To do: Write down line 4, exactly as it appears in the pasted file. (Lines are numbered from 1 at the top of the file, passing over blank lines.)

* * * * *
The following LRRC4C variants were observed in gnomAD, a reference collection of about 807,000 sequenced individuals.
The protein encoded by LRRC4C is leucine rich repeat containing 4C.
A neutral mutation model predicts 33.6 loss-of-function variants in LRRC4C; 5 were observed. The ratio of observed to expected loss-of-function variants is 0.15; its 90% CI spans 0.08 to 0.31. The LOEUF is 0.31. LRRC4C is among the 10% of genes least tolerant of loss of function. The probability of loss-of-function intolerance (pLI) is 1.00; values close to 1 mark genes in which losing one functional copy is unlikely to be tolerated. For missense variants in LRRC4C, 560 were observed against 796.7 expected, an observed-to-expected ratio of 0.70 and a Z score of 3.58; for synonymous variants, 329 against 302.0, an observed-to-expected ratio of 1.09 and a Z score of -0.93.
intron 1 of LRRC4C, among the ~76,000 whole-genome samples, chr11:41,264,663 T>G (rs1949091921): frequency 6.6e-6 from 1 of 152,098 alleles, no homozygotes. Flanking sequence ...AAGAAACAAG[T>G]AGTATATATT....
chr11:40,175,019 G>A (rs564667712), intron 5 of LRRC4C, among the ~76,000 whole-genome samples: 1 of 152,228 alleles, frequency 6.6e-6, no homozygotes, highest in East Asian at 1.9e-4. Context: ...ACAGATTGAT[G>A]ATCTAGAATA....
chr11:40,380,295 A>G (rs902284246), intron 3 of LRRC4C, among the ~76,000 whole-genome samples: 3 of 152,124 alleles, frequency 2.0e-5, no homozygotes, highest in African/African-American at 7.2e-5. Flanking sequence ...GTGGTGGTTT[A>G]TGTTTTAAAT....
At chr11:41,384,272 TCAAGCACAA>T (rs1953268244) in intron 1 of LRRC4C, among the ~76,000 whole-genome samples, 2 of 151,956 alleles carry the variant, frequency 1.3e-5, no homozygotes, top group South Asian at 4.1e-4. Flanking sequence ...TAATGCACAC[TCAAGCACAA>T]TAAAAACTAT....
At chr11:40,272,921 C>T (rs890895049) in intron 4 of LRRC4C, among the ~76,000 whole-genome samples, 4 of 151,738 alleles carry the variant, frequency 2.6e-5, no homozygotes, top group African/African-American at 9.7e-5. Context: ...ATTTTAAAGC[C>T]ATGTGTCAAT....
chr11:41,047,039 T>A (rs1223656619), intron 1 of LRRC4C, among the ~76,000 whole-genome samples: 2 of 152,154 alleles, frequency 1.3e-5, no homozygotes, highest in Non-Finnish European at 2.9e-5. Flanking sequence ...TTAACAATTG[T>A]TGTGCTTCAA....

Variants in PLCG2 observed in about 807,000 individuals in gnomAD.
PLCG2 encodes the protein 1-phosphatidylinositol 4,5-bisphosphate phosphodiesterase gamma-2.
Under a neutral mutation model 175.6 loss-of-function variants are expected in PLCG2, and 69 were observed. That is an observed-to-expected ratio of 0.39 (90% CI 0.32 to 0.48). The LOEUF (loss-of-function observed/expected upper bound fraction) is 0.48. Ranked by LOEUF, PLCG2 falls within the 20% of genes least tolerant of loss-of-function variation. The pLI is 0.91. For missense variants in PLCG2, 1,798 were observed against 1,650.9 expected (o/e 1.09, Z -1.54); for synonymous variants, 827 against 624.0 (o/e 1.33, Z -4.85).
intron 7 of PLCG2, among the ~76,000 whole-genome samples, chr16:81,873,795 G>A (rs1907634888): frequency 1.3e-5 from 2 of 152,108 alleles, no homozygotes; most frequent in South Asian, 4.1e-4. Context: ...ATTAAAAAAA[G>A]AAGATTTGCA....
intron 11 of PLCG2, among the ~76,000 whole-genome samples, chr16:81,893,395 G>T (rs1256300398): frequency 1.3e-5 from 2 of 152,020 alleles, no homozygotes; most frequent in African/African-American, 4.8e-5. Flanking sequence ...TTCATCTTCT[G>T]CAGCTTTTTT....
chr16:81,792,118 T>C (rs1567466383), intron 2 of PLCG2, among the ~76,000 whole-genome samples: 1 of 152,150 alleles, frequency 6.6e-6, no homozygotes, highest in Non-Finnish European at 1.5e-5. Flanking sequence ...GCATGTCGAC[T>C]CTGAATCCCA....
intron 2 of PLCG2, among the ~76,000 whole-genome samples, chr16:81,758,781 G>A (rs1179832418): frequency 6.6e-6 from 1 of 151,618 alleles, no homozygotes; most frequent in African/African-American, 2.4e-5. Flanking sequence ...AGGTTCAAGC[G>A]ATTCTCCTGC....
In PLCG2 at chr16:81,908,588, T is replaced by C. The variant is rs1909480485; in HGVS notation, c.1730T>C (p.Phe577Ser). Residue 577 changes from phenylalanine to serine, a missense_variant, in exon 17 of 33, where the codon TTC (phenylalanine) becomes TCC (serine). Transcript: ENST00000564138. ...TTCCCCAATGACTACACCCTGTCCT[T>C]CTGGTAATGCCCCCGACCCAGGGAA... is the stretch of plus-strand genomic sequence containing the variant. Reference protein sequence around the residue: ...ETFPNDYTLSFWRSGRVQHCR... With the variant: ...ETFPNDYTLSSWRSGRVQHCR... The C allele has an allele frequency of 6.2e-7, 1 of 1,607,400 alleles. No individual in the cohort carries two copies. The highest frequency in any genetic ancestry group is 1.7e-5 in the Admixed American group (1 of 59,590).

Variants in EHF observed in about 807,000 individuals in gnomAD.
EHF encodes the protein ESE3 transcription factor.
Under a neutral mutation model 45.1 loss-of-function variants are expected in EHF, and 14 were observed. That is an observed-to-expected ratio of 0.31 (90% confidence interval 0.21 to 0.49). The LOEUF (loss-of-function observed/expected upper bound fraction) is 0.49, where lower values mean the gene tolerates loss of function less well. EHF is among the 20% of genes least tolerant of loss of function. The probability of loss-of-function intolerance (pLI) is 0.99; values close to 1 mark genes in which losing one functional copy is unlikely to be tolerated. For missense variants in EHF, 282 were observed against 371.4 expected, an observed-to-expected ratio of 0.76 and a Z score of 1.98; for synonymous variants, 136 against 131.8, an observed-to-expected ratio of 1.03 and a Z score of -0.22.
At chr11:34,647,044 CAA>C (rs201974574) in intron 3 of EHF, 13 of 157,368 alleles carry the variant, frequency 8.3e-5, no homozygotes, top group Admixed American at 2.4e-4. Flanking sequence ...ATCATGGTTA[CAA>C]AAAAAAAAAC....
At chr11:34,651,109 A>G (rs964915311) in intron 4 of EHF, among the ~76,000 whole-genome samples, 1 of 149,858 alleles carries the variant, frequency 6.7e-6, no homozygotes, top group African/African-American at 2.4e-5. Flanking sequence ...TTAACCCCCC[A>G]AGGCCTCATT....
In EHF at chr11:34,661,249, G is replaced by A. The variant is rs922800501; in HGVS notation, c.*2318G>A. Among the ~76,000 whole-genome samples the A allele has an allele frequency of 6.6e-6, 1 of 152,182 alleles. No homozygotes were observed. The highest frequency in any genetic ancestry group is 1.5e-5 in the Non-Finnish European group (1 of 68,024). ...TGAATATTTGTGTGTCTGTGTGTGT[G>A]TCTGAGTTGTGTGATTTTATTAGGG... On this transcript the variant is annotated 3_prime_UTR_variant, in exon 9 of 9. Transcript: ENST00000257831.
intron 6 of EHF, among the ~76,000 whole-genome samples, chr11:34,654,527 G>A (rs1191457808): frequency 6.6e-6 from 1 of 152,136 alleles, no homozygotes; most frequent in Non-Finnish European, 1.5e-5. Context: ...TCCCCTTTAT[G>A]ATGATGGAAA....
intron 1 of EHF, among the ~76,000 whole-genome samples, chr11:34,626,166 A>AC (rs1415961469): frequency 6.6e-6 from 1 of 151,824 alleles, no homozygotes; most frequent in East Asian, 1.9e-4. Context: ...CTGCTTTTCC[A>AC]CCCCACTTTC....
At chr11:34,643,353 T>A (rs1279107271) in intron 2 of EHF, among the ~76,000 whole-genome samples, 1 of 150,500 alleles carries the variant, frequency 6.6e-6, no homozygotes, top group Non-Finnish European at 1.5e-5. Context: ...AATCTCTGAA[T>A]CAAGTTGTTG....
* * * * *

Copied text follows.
intron 1 of LRRC4C, among the ~76,000 whole-genome samples, chr11:41,264,663 T>G (rs1949091921): frequency 6.6e-6 from 1 of 152,098 alleles, no homozygotes. Flanking sequence ...AAGAAACAAG[T>G]AGTATATATT....